Facts about the Companion Animal Capital Fund:
· The Fund has been included in each budget since FY18, except for FY21 (COVID budget) through a legislative appropriation
· The State has now invested $20M in shelter capital projects
· Three rounds of funding have been granted to 38 shelters across New York
· The RFP for FY21 funding cycle is due January 25, 2022
· The Federation’s annual capital needs survey found there are 34 shelters across the state with capital needs of $217,155,634
· The CACF is a matching program—shelters must match either 25% or 50% of project cost based on the number of municipalities the shelter serves
· CACF grants have kick-started multi-million dollar capital campaigns to build new shelters—both Susquehanna SPCA in Cooperstown and the SPCA of Westchester received $500,000 grants which were seen as stamps of approval by their philanthropic communities. Each opened their new shelters in 2021.
· The Federation’s Education Fund provides low-cost grant writers for Federation members.
Monday, January 10, 2022
Cold weather advice from the ASPCA:
Exposure to winter’s dry, cold air and chilly rain, sleet and snow can cause chapped paws and itchy, flaking skin, but these aren’t the only discomforts pets can suffer. Winter walks can become downright dangerous if chemicals from ice-melting agents are licked off of bare paws. To help prevent cold weather dangers from affecting your pet’s health, please heed the following advice from our experts:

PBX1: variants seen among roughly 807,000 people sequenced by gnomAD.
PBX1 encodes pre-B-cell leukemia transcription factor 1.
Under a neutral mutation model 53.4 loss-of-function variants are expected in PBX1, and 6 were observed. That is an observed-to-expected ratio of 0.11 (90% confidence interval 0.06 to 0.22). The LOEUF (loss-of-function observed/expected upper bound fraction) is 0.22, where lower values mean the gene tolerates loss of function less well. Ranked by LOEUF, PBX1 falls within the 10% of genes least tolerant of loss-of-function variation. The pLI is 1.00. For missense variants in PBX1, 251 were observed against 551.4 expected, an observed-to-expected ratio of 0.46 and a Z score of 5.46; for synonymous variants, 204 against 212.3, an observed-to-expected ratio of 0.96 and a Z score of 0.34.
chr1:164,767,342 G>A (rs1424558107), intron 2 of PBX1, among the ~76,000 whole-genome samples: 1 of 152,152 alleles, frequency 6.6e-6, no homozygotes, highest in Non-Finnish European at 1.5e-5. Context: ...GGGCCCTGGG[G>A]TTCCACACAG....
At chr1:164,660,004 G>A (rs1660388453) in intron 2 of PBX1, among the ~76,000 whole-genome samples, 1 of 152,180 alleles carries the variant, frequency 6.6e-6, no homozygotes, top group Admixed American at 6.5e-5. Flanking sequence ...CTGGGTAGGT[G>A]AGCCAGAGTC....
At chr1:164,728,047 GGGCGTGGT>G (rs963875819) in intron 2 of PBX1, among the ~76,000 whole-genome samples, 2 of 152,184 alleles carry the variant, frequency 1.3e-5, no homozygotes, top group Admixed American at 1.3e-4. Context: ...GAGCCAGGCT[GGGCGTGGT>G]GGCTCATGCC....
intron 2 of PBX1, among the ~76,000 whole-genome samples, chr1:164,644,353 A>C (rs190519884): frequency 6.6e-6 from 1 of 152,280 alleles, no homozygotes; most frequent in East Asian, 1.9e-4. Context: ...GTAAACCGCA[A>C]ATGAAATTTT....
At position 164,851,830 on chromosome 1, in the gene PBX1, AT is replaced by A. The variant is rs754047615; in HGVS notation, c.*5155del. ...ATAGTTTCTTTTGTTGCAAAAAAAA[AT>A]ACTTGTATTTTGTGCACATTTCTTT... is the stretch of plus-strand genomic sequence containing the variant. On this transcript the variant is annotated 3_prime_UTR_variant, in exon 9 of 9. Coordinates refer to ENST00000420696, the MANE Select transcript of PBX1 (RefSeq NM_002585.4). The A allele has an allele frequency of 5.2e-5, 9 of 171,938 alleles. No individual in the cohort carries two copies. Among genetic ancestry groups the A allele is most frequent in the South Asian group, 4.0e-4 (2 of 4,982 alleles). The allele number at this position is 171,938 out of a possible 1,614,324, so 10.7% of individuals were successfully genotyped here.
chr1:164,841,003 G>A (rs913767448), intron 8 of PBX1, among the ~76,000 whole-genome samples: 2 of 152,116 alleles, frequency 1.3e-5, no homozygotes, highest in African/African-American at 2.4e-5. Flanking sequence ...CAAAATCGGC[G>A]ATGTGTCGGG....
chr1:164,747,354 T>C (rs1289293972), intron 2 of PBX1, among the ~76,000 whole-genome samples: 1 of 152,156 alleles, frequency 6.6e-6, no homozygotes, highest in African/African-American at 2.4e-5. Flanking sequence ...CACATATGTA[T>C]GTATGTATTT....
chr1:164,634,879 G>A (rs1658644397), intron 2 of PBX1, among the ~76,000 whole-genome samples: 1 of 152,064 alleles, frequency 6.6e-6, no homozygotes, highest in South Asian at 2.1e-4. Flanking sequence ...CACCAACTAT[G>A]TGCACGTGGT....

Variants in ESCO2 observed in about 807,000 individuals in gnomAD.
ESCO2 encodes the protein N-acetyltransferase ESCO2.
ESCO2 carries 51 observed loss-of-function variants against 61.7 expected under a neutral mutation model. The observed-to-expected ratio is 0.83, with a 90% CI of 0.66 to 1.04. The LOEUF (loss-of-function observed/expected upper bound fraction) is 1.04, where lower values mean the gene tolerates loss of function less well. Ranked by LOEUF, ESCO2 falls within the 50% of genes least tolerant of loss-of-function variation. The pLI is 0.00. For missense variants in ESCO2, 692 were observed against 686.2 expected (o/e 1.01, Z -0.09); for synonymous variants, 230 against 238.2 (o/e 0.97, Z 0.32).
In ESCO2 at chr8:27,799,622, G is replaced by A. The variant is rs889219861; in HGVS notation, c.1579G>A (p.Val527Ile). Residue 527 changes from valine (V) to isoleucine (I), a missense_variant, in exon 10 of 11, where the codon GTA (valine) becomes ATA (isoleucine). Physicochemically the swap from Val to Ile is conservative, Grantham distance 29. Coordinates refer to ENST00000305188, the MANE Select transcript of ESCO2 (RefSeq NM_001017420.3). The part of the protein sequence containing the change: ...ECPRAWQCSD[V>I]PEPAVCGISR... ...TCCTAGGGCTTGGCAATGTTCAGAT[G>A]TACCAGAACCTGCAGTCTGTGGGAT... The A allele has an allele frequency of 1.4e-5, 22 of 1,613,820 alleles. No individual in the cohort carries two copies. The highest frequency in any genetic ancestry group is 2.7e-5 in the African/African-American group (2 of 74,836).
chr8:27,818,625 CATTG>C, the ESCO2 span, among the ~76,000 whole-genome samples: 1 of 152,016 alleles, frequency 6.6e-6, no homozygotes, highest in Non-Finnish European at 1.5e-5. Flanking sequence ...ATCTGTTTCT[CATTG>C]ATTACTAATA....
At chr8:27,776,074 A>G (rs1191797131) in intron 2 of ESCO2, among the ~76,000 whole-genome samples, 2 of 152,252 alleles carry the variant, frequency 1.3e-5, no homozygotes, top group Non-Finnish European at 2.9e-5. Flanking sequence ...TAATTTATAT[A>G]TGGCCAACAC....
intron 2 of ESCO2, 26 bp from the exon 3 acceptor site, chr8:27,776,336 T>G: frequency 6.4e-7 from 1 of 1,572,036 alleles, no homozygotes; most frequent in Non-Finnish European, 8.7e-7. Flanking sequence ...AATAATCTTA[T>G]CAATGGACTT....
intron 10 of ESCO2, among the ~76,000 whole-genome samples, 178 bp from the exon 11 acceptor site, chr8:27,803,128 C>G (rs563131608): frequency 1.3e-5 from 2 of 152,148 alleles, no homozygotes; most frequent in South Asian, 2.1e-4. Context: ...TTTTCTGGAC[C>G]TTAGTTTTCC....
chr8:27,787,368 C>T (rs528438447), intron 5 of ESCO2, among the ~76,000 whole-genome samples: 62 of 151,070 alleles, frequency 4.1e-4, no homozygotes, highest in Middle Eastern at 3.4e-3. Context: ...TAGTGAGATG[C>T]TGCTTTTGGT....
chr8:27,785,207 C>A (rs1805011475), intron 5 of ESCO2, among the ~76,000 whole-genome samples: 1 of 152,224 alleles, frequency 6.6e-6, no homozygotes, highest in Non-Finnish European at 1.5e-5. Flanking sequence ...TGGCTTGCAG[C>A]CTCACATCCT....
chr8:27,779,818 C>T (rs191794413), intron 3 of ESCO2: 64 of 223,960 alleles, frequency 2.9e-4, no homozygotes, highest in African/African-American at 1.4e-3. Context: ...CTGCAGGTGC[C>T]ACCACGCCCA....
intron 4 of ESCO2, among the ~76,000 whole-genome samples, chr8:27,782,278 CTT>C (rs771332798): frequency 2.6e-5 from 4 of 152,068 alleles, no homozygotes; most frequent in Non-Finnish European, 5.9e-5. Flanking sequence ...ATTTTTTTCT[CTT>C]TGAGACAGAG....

- Repeatedly coming out of the cold into the dry heat of your home can cause itchy, flaking skin. Keep your home humidified and towel dry your pet as soon as he comes inside, paying special attention to his feet and in-between the toes. Remove any snow balls from between his foot pads.
- Never shave your dog down to the skin in winter, as a longer coat will provide more warmth. If your dog is long-haired, simply trim him to minimize the clinging ice balls, salt crystals and de-icing chemicals that can dry his skin, and don’t neglect the hair between his toes. If your dog is short-haired, consider getting him a coat or sweater with a high collar or turtleneck with coverage from the base of the tail to the belly. For many dogs, this is regulation winter wear.
- Bring a towel on long walks to clean off stinging, irritated paws. After each walk, wash and dry your pet’s feet and stomach to remove ice, salt and chemicals—and check for cracks in paw pads or redness between the toes.
- Bathe your pets as little as possible during cold spells. Washing too often can remove essential oils and increase the chance of developing dry, flaky skin. If your pooch must be bathed, ask your vet to recommend a moisturizing shampoo and/or rinse.